In February 2020, the government announced its plans for a new UK immigration PBS to be introduced at the end of the Brexit transition period. The new PBS was open to applications from 1 December 2020 and came into force on 1 January 2021. The purpose of the new framework is to ensure that the country remains open for business, attracting the skills and attributes needed by key sectors of the economy and regions of the country, while at the same time reducing overall migration numbers and boosting the skills and opportunities of local workers. New categories largely based on the previous tiered system are now in operation, with further reforms expected at a later date in 2021.

Perhaps the most politically charged part of the new system is that there is no route for ‘low-skilled’ workers, even on a temporary or transitional basis. Instead, the government argues that there will be sufficient labour in the UK from among the 3.2 million people who have already applied to remain under the EU settlement scheme, as well as non-EU citizens who come as dependants of skilled migrants.

ii PBS – the regime

From January 2021, the five-tiered PBS has been replaced by a PBS with standalone categories that largely resemble their predecessors. Although some employment routes do not fall within the PBS, the vast majority do.

The PBS system includes routes for investors, entrepreneurs, those with ‘exceptional talent’ and graduate entrepreneurs (the entrepreneur and graduate entrepreneur routes are now closed to new applicants, and the exceptional talent route closed on 20 February 2020).

The skilled worker and intra-company categories are applicable to highly skilled employees performing graduate level roles, divided into subcategories of intra-company transfers (ICTs), intra-company graduate trainees, new recruits and the highly paid.

The PBS additionally includes routes for students and temporary work, which further incorporate myriad different categories, including those permitted to come to the UK under youth mobility schemes (primarily replacing the old working holidaymaker route available to young Commonwealth citizens), government-approved exchanges, those wishing to undertake internships and those of high ability in the arts, sports and entertainment sectors.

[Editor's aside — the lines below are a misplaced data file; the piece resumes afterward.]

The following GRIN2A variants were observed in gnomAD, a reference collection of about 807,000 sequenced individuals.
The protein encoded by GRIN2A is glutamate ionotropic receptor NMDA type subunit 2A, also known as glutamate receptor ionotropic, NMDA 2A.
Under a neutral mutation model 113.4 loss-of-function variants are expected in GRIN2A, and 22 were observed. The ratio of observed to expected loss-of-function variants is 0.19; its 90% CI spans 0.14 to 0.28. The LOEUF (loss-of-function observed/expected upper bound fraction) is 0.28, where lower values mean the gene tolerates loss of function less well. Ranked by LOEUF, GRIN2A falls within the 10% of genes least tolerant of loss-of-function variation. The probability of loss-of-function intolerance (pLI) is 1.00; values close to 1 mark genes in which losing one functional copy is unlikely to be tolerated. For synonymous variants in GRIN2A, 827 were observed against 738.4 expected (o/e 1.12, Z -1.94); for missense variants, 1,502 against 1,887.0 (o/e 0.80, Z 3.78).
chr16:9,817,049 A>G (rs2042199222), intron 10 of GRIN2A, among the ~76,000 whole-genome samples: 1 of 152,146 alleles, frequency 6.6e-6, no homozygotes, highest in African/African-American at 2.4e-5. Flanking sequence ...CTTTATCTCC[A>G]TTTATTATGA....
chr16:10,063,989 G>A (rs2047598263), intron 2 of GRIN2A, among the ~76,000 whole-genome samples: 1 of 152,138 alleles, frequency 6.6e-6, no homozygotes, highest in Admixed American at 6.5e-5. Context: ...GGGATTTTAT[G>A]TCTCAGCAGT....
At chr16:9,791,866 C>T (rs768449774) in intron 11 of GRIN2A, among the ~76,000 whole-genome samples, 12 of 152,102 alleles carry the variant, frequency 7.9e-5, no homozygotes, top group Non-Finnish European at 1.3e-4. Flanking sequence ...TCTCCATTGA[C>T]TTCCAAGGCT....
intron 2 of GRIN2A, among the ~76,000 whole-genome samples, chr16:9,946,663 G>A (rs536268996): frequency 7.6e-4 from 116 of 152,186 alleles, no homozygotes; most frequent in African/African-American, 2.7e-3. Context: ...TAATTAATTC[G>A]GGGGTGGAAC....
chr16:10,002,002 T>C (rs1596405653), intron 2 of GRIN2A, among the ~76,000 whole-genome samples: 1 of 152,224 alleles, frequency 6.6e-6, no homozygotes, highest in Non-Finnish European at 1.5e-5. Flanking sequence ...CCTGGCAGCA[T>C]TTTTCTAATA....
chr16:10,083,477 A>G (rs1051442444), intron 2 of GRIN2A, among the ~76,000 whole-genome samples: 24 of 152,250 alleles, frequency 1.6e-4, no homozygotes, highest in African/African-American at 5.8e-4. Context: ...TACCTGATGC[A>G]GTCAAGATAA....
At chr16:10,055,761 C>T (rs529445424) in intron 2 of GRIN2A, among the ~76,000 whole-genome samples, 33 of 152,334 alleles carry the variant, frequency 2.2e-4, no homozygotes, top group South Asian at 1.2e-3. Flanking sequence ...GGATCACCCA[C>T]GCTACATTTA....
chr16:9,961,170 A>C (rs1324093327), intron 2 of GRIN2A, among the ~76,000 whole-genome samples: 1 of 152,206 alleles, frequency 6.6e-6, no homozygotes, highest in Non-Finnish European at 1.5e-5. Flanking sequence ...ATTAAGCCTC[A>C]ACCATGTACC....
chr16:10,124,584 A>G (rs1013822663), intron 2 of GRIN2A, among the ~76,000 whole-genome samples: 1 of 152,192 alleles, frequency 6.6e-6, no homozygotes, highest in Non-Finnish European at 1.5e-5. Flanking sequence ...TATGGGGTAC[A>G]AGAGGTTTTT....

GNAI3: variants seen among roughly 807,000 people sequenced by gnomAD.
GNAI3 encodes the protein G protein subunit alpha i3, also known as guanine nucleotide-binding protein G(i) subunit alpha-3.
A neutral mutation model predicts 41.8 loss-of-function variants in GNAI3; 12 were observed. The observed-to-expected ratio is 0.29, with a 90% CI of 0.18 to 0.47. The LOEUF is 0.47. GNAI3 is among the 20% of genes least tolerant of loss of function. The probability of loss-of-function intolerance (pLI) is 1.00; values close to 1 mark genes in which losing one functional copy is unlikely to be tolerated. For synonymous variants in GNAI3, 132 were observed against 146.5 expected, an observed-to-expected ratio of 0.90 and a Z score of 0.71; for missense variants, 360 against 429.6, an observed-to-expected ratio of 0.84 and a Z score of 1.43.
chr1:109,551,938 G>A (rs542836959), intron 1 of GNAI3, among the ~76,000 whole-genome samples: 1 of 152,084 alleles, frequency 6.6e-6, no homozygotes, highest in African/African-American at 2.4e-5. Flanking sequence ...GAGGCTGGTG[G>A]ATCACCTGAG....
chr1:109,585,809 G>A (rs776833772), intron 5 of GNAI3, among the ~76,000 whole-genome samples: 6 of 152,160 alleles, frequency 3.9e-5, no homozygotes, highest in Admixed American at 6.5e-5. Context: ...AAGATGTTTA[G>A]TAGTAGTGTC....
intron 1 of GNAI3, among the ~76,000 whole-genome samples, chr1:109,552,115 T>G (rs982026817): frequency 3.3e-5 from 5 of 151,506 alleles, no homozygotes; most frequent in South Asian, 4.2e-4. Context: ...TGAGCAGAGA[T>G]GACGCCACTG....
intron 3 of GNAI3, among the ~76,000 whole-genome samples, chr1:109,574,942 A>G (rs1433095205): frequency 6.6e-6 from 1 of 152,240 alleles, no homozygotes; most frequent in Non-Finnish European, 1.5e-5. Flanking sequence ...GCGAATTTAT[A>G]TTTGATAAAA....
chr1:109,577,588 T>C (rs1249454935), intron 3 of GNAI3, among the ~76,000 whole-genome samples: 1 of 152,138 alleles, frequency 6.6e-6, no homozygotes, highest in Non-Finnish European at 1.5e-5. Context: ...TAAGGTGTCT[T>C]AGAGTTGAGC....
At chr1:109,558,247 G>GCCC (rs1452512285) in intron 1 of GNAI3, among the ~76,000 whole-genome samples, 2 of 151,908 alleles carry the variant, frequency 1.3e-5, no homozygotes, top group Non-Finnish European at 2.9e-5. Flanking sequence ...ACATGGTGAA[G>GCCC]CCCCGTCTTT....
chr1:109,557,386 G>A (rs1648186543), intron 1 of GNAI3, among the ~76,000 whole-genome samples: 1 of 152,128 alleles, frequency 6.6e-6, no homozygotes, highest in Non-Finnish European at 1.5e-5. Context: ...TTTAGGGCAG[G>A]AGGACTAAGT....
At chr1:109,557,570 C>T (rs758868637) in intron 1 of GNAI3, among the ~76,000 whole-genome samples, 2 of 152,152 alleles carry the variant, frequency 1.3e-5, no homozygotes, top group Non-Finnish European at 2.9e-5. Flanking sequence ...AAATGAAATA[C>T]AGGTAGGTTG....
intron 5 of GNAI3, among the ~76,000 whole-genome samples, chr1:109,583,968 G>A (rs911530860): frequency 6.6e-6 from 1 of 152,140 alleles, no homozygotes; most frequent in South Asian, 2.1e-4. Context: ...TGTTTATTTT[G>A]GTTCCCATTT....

In any of the above categories, only those who secure the requisite number of points are eligible to seek entry to the UK for the purposes of employment or study. Of the employment-based routes, the following are the most prevalent and the most widely used by UK companies who need to employ migrant labour.

iii Employment categories
These applications are sponsored by employers who either wish to transfer their overseas employees to the UK or to hire a new recruit. This category is divided into two primary types: skilled worker for new hires and intra-company for overseas employees of a UK business. These categories are themselves subdivided as follows.

The intra-company category is nearly identical to the Tier 2 (ICT) category that it replaced. The category supports inward investment and trade by allowing multinational employers to transfer key company personnel from overseas to their UK branch.

Within the ICT category, the role must be graduate level, which will normally require the overseas migrant to be educated at least to bachelor’s degree level. An overseas migrant must earn at least £41,500 annually to be eligible for a certificate of sponsorship in this category. An intra-company migrant earning between £41,500 and £73,899 per year is initially permitted to enter the UK for up to five years. Those earning £73,900 or more are permitted to stay for a maximum of nine years.

However, ICT migrants who entered the UK in this category under the immigration rules in force after 6 April 2010 are not permitted to obtain ILR, irrespective of their new salary levels. This requirement is intended to discourage overseas migrants coming here purportedly to fill temporary labour shortages but whose real intention is to settle permanently in the country.

This restriction was further tightened in April 2011 when rules were introduced that required this category of overseas migrants to leave the UK after they had lived and worked in this category for five years (or, since January 2021, nine years for those earning in excess of £73,900 a year). The basic premise remains the same, however, as even these highly paid executives will be required to leave the UK at the end of this extended period, unless they switch to skilled worker status in the meantime. The ICT category maintains a cooling-off period, whereby a migrant is permitted to hold an ICT leave for a period of up to five years in any six-year rolling period, or up to nine years in any 10-year period for high earners.